Updated: Nov 20, 2020
BY: TALIA SAROYA
Almost eight months into the pandemic, we have seen and experienced so many unprecedented events and movements. From Zoom calls to socially distanced picnics, we have taken advantage of this period of change.
Quarantine has offered an opportunity for people to explore and grow. It has been freeing in a way to be at home and have this chance to really try new things. We’ve seen hair dyes, bangs, ab workouts, and a resurgence of old fashion trends, and a chance to be bold. One thing that never fails to change? Fashion.
There has also been an increase in the use of Pinterest and Depop, where people can turn to these applications for advice, inspiration, and potential new clothing they may want to own. The emergence of TikTok, as well, as one of the most popular social media platforms, solidified this shift in fashion as something we can look for inspiration from, the ability to grasp and incorporate different styles from all over the world.
Quarantine is a time to bond with others hopping onto a Zoom call or Facetime to show off your new outfits, your new wardrobe, or your revamped clothing, as we’ve witnessed with the trend of upcycling clothes, a creative way for reuse. A unique style or new look does not inherently mean one has to splurge and go on a shopping spree, as thrift stores are a viable option, in addition to Depop. For example, user and influencer, @themontanaexperience, on TikTok and Instagram, utilizes their platform to promote their thrifted clothing and encourage this kind of sustainable buying, using Depop. People have also started to note where their clothing is coming from, choosing more sustainable and responsible brands. Notably, the call for social justice, the Black Lives Matter movement, has also caused people to evaluate how they invest in clothing. Brands like Come Back as A Flower and Label By Three, founded by people of color, focuses on creating garments that are ethical and environmentally friendly.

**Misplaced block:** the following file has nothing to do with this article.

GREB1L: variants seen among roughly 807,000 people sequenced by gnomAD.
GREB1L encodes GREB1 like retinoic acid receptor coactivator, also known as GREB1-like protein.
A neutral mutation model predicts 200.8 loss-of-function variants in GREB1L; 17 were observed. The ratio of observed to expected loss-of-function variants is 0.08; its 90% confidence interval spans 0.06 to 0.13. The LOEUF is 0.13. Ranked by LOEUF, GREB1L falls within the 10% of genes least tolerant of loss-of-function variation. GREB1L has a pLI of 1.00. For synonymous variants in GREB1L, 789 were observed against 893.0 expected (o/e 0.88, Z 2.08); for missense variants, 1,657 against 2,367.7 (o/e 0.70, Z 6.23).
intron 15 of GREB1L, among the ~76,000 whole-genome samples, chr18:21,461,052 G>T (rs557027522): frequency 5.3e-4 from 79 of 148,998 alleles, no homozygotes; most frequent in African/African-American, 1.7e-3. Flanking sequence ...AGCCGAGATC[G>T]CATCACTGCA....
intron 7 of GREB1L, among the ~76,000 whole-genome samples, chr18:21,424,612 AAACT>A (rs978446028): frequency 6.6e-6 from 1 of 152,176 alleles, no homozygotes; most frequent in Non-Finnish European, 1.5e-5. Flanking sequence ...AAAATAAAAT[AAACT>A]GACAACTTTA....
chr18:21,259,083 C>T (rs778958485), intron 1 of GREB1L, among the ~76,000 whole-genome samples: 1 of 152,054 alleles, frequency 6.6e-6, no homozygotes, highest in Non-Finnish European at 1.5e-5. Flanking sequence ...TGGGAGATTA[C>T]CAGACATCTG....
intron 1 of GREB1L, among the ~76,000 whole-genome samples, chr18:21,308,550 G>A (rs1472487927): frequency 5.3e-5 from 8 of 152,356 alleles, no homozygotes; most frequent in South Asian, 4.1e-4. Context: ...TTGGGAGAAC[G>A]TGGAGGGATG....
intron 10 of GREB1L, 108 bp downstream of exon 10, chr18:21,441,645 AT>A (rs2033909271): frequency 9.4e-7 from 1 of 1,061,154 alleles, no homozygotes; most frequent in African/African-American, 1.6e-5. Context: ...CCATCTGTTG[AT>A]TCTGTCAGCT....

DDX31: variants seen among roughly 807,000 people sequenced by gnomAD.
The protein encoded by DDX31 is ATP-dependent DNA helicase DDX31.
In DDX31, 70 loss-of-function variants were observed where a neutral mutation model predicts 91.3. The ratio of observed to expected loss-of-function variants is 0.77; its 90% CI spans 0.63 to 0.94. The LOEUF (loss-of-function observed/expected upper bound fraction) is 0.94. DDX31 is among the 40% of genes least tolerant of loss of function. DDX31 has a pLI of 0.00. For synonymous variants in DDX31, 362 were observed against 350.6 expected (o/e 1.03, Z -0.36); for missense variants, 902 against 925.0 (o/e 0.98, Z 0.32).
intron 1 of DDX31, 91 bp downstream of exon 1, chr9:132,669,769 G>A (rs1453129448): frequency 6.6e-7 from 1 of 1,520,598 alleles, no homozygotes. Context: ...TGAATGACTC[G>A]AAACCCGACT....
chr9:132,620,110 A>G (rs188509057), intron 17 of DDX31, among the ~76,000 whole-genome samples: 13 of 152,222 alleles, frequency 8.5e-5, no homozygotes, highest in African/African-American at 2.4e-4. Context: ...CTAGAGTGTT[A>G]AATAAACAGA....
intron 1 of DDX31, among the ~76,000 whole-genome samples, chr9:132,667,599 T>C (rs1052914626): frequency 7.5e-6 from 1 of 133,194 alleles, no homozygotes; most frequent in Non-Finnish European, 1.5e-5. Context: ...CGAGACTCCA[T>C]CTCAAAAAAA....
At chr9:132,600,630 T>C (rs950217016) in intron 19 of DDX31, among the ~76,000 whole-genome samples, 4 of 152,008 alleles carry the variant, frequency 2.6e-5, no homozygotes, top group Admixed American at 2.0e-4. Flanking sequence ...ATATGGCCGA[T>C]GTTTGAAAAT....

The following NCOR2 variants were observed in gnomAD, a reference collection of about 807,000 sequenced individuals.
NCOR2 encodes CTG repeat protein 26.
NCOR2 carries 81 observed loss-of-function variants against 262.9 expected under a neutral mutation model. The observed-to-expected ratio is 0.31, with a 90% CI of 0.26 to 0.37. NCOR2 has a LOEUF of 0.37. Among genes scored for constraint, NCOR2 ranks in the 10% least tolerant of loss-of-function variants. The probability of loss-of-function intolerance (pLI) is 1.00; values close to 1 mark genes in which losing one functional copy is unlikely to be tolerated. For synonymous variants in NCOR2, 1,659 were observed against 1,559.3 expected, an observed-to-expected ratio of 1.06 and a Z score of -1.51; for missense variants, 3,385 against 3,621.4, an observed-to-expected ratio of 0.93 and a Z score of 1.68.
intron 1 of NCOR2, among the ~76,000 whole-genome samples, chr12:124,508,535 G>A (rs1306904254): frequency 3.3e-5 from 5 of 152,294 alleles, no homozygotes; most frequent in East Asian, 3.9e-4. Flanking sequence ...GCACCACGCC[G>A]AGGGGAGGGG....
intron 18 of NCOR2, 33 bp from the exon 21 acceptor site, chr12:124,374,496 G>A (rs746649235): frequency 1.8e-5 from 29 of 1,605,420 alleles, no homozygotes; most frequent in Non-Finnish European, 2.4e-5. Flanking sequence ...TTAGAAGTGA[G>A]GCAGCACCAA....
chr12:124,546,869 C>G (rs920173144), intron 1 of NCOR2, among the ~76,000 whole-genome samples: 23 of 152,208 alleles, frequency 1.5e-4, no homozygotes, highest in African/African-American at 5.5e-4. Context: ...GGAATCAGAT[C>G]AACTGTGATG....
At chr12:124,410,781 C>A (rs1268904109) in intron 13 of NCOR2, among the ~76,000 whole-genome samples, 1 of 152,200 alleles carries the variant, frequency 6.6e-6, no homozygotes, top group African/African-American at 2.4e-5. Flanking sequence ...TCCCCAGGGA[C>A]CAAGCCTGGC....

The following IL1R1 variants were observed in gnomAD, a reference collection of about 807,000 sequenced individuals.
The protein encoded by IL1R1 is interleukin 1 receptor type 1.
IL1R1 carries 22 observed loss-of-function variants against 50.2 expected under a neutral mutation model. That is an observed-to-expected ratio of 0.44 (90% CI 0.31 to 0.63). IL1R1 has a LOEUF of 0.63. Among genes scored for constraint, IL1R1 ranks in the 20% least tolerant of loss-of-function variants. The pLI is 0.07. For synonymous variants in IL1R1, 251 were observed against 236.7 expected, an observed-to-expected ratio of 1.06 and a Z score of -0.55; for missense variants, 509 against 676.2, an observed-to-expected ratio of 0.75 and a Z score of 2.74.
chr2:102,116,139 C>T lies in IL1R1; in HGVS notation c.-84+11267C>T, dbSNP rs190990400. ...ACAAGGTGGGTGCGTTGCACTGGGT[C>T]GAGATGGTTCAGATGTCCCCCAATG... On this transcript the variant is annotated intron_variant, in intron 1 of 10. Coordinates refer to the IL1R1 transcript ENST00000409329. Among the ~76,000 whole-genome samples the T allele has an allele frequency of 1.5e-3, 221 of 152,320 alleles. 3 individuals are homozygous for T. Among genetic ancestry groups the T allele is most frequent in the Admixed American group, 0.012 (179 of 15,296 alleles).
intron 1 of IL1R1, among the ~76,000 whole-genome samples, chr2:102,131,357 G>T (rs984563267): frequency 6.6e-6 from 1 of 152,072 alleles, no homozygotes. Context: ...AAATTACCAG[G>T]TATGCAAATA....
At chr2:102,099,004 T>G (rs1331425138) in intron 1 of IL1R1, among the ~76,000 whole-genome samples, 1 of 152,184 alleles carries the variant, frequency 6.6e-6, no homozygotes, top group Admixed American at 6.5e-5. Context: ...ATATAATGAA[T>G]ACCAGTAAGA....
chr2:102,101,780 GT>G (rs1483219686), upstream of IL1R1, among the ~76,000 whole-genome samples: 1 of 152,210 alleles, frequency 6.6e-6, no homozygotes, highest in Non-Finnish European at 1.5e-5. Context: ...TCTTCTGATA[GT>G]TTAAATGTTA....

While either in class or doing work, we may be turning to more comfortable clothes. Naturally, there has been an inclination towards this kind of clothing, while also still being fashionable. We’ve seen a growing combination of these two elements: comfort and fashion. As an example, tie-dye sweatpants and sweaters can be found anywhere. It’s been a time of experimentation and development and to really find ourselves fashion-wise. You can combine anything, you can wear anything in your house, and really manipulate your wardrobe to find yourself and find what you like. Nothing is truly hindering you from choosing to dress how you desire to in the comfort of your home.
There also seems to be an underlying sentiment of feeling carefree and less insecure about our outfit choices. With everything going on in the world, how others perceive our fashion is probably the last thing on our mind. Maybe that is something we can take advantage of and learn from, to implement this idea in other aspects of our lives too.